What's certainly true is that the Water Music had a political purpose: to shore up the profile of England's controversial new ruler. In the first years of his reign, the German-speaking, uncharismatic and not especially intelligent George I was unpopular, and opposition politicians flocked to support his eldest son, the future George II. It's likely that one of the reasons the king's advisers staged a grand royal event that day was as a publicity-boosting spectacle, designed to impress Londoners and steal the spotlight from the prince, who pointedly refused to attend.

Read more: BBC History - George I (1660 - 1727)

4. You can have a proper dance to it...

[LISTEN] Hannah French delves into the musical detail of Water Music

Politics aside, there's a reason why the Water Music was an instant hit: it's a masterpiece. Building on experience of his native Germany, where suites made up of separate dance-like movements were all the rage, Handel came up with an exuberant series of foot-tapping tunes.

The first suites open in splendiferous style with a grand overture, followed by a lively minuet, graceful airs, and a frenetic bourrée (a fast French-style dance). One of the most famous movements of all is the Hornpipe in the second suite, a chirpy version of the British sailor's dance - a clever nod to the watery setting, as well as to Handel and his king's adopted country. Although it's unlikely anyone risked dancing while navigating the Thames, one theory holds that the third suite, which is more intimate than the first two, was played for the king over dinner in a grand villa at Chelsea.

5. …but, to this day, no one knows exactly how it should be performed

Unlike many pieces Handel wrote, the original score for Water Music doesn't survive, and none of the later versions exactly match. The piece is usually split into three separate suites made up of 22 self-contained movements, but no one is quite sure how they fit together, in what order the movements come, or even whether Water Music was actually performed in its entirely in July 1717 or created for different occasions. Another mystery: how on earth did Handel squeeze a harpsichord and timpani (kettle drums), which are used in most versions of Water Music, into a barge? (Most probably he didn't take the risk, and added them to the score later.)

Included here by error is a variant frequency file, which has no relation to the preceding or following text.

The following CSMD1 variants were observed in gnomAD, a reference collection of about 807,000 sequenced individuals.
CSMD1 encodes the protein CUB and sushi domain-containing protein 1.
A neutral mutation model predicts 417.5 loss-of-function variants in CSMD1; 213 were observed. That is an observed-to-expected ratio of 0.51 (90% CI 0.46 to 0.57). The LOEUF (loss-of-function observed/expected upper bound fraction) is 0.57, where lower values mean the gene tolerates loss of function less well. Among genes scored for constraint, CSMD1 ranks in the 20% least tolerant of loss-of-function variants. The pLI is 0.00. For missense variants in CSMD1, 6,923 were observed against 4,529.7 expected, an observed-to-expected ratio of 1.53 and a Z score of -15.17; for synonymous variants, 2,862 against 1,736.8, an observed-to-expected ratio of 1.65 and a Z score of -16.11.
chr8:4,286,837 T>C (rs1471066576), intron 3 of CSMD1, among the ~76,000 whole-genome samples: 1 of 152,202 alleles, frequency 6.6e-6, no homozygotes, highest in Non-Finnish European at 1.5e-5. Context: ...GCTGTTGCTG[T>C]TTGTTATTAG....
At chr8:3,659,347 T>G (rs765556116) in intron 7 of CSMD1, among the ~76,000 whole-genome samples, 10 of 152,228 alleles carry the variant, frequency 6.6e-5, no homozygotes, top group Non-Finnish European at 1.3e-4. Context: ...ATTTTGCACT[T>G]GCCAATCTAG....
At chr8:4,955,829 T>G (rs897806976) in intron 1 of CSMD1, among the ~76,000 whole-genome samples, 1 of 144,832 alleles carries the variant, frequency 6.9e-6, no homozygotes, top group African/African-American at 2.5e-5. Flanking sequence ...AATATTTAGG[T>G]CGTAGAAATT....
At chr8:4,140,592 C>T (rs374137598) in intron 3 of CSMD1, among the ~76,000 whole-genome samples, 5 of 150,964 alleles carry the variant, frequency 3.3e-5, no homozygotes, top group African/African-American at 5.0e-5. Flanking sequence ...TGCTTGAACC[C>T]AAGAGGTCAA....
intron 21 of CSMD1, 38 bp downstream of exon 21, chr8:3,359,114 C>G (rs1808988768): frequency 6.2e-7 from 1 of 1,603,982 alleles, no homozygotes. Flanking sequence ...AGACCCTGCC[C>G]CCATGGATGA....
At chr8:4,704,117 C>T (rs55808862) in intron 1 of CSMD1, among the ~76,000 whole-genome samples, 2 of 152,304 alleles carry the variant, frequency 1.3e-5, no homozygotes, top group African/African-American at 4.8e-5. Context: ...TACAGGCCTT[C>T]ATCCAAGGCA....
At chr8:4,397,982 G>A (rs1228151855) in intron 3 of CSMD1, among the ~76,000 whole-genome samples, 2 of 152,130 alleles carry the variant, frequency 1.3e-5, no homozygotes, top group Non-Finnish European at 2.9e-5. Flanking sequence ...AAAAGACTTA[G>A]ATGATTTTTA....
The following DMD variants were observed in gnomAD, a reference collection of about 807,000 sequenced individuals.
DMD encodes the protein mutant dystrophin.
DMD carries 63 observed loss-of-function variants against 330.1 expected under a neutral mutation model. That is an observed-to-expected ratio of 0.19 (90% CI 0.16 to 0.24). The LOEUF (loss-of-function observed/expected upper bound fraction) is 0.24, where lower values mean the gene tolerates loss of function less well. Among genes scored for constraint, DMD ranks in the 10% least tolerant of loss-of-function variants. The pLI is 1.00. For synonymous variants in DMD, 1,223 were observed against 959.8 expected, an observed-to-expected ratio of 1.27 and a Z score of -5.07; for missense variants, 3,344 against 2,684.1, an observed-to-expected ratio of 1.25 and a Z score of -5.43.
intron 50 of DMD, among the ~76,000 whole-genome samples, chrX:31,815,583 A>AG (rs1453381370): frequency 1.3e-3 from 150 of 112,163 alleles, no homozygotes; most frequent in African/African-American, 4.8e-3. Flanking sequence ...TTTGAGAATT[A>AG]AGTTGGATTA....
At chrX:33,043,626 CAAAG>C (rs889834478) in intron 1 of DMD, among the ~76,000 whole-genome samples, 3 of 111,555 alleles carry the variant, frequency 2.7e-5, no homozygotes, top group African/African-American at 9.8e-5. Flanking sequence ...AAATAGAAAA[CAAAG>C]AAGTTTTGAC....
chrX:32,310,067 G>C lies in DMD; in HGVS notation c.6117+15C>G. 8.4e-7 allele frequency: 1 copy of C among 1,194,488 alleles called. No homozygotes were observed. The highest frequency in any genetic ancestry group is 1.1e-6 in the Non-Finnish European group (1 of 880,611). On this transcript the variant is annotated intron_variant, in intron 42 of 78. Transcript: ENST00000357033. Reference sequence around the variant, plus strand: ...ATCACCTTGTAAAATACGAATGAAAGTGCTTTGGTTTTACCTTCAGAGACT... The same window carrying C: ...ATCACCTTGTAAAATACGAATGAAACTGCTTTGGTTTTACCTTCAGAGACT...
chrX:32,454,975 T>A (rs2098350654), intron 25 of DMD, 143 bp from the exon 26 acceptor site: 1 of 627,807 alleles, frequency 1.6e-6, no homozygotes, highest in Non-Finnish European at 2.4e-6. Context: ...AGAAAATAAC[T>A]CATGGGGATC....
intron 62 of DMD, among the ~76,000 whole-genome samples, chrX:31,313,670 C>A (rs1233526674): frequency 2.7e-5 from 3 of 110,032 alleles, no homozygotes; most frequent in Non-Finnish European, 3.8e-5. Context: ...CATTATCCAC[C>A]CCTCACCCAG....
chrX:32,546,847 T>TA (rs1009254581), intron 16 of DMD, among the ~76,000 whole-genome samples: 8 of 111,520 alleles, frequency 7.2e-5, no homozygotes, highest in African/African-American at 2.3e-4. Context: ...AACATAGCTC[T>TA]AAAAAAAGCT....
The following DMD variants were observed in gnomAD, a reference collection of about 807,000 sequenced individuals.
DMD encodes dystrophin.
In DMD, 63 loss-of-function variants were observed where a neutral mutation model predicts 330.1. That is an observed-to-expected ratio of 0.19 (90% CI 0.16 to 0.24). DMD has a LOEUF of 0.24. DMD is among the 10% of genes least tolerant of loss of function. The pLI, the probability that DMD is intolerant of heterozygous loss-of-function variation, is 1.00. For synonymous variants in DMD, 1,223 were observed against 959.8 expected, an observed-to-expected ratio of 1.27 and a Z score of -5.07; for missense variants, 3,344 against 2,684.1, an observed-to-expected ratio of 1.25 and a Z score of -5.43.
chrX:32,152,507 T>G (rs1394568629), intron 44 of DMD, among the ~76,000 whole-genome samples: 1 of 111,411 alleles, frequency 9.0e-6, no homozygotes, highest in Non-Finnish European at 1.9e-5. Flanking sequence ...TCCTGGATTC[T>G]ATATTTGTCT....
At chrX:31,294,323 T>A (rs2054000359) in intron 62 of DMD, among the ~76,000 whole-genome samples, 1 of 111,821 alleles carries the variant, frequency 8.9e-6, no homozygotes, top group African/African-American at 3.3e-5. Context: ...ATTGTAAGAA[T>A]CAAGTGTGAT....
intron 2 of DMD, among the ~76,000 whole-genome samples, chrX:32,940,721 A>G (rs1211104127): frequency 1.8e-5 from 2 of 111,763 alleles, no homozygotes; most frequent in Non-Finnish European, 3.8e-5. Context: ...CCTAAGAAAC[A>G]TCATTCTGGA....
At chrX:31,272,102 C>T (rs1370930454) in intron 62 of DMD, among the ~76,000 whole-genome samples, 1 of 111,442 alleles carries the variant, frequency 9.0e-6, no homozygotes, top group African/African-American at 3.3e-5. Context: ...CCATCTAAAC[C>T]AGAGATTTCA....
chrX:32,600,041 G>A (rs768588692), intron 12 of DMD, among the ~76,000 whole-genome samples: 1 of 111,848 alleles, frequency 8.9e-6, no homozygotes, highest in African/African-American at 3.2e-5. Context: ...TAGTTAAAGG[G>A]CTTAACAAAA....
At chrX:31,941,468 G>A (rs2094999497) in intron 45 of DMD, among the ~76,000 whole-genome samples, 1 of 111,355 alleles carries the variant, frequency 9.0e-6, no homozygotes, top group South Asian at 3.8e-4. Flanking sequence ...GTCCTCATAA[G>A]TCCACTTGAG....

6. It's outlived the efforts of Handel's English rivals at the royal court, who he called "Blockheads"

Even if Water Music was written partly to ingratiate himself with his new monarch, Handel was no one's lapdog. He had a famously foul temper and was scornful of his English rivals, once declaring - at least according to an anonymous pamphlet - that most of the music at the royal court was "compos'd and performed by Blockheads". Another legend has it that he once threatened to dangle a soprano out of the window if she didn't do exactly as he said. Given that the composer became grossly overweight in his later years, you wonder how he would have managed it.